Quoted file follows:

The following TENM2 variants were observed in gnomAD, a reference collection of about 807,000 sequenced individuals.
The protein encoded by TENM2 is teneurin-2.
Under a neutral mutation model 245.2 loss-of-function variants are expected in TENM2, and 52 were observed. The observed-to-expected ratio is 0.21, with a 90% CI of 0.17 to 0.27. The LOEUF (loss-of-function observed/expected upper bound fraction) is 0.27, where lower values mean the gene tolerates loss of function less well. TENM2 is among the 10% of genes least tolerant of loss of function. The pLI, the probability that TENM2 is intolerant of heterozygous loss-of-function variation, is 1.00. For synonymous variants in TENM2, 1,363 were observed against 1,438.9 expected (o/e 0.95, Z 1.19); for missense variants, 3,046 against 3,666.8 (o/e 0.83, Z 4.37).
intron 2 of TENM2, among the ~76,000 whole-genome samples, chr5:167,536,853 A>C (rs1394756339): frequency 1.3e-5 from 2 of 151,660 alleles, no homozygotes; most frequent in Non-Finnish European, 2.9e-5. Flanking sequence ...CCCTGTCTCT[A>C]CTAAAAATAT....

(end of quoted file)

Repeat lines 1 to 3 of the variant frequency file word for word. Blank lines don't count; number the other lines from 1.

The following TENM2 variants were observed in gnomAD, a reference collection of about 807,000 sequenced individuals.
The protein encoded by TENM2 is teneurin-2.
Under a neutral mutation model 245.2 loss-of-function variants are expected in TENM2, and 52 were observed. The observed-to-expected ratio is 0.21, with a 90% CI of 0.17 to 0.27. The LOEUF (loss-of-function observed/expected upper bound fraction) is 0.27, where lower values mean the gene tolerates loss of function less well. TENM2 is among the 10% of genes least tolerant of loss of function. The pLI, the probability that TENM2 is intolerant of heterozygous loss-of-function variation, is 1.00. For synonymous variants in TENM2, 1,363 were observed against 1,438.9 expected (o/e 0.95, Z 1.19); for missense variants, 3,046 against 3,666.8 (o/e 0.83, Z 4.37).